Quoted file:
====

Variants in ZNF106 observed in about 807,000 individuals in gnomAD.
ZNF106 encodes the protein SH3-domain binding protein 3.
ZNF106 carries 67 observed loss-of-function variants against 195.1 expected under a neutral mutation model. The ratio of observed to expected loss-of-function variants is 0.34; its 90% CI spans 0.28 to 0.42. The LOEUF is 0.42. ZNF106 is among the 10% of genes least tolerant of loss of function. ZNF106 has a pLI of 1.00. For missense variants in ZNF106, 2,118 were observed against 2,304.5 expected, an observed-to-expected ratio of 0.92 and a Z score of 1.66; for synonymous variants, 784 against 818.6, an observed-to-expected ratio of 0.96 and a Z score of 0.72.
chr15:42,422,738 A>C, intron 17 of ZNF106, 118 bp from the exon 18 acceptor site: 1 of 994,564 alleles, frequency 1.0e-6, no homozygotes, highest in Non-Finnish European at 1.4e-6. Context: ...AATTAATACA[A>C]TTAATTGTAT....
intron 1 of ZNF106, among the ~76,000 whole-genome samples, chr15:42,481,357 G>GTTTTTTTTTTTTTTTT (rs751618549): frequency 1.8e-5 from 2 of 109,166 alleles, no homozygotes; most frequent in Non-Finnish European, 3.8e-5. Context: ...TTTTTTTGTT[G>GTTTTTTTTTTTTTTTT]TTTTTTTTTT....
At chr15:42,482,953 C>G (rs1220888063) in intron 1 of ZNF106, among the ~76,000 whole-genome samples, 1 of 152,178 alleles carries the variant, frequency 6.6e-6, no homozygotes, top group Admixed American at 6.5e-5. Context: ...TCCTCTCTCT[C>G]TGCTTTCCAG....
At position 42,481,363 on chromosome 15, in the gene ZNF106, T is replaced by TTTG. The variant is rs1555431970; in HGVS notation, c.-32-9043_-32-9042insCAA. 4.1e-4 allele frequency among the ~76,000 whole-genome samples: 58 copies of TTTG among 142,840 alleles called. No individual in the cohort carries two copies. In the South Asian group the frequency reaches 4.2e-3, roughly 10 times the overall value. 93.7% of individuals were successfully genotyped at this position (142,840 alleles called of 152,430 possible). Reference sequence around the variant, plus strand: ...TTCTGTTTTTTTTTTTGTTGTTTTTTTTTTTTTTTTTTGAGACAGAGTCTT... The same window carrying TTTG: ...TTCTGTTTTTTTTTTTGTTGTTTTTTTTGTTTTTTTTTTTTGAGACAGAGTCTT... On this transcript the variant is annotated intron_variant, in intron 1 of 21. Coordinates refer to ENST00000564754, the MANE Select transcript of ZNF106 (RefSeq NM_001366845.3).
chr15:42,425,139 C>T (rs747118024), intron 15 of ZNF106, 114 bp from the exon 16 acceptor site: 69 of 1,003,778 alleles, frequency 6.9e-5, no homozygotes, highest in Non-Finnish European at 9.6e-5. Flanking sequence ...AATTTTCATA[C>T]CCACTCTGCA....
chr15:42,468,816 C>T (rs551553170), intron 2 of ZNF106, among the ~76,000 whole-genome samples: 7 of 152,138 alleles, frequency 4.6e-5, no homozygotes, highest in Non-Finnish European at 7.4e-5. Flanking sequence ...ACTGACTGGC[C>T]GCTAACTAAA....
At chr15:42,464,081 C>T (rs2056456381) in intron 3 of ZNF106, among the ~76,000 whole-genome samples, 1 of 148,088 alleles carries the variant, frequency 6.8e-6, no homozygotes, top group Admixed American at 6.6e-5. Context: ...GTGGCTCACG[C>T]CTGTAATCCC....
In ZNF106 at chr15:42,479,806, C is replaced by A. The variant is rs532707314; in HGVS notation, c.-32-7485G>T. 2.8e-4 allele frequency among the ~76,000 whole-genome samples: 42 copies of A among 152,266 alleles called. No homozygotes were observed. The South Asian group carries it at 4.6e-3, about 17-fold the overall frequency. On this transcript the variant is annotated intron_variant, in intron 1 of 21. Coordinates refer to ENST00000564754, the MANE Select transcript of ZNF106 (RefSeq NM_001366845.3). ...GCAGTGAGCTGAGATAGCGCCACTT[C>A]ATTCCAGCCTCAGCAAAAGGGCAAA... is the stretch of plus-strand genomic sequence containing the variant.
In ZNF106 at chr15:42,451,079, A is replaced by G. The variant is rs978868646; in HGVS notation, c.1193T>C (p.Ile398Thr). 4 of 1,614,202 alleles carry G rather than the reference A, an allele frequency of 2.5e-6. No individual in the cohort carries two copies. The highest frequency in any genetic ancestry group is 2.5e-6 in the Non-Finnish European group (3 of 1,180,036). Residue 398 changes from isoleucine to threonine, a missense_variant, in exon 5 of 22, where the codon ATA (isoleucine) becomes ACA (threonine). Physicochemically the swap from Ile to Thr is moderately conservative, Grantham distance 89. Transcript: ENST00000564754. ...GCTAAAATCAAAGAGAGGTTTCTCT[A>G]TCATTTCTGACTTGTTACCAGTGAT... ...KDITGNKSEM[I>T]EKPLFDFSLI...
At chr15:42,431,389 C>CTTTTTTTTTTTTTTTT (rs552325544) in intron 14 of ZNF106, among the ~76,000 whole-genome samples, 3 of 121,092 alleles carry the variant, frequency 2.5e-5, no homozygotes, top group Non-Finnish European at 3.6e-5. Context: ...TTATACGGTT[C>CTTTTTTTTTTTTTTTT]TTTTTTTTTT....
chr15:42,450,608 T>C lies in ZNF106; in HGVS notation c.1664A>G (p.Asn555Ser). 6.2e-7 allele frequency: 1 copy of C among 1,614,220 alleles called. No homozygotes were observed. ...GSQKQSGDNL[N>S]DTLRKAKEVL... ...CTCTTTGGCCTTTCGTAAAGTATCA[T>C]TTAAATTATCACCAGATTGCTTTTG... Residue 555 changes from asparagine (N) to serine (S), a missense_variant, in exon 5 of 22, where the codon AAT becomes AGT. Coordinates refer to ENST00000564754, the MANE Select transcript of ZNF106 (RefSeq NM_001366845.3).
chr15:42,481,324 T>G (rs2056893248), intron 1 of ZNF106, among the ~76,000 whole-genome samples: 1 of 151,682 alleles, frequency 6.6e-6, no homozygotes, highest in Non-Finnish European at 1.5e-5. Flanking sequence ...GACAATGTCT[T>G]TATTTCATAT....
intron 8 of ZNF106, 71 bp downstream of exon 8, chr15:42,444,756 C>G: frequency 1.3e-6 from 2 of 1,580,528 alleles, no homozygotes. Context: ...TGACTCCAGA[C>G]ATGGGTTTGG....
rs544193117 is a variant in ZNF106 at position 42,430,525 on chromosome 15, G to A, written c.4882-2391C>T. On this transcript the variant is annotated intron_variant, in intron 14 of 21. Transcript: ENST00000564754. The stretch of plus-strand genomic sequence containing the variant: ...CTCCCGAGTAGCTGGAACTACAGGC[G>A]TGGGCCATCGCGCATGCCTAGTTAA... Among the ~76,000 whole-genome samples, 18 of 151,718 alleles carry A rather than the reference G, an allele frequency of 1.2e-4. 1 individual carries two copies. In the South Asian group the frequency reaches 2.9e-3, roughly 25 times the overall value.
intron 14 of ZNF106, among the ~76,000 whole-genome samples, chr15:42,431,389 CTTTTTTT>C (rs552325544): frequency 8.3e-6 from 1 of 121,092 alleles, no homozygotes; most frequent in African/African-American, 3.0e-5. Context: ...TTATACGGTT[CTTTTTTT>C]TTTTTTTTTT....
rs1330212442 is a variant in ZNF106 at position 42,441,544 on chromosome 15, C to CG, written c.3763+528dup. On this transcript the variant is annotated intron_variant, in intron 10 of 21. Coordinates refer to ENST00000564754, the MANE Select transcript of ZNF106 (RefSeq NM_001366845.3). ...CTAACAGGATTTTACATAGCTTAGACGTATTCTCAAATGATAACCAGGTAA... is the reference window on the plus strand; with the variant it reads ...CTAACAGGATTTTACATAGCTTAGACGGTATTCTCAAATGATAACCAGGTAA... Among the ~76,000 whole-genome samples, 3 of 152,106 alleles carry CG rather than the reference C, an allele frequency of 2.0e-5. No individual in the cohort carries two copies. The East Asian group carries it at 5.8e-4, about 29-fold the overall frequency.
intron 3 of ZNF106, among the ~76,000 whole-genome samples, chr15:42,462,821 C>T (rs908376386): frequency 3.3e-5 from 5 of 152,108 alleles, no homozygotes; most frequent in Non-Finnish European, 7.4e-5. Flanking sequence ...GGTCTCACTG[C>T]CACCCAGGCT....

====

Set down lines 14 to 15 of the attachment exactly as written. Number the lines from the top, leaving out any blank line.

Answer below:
chr15:42,450,608 T>C lies in ZNF106; in HGVS notation c.1664A>G (p.Asn555Ser). 6.2e-7 allele frequency: 1 copy of C among 1,614,220 alleles called. No homozygotes were observed. ...GSQKQSGDNL[N>S]DTLRKAKEVL... ...CTCTTTGGCCTTTCGTAAAGTATCA[T>C]TTAAATTATCACCAGATTGCTTTTG... Residue 555 changes from asparagine (N) to serine (S), a missense_variant, in exon 5 of 22, where the codon AAT becomes AGT. Coordinates refer to ENST00000564754, the MANE Select transcript of ZNF106 (RefSeq NM_001366845.3).
chr15:42,481,324 T>G (rs2056893248), intron 1 of ZNF106, among the ~76,000 whole-genome samples: 1 of 151,682 alleles, frequency 6.6e-6, no homozygotes, highest in Non-Finnish European at 1.5e-5. Flanking sequence ...GACAATGTCT[T>G]TATTTCATAT....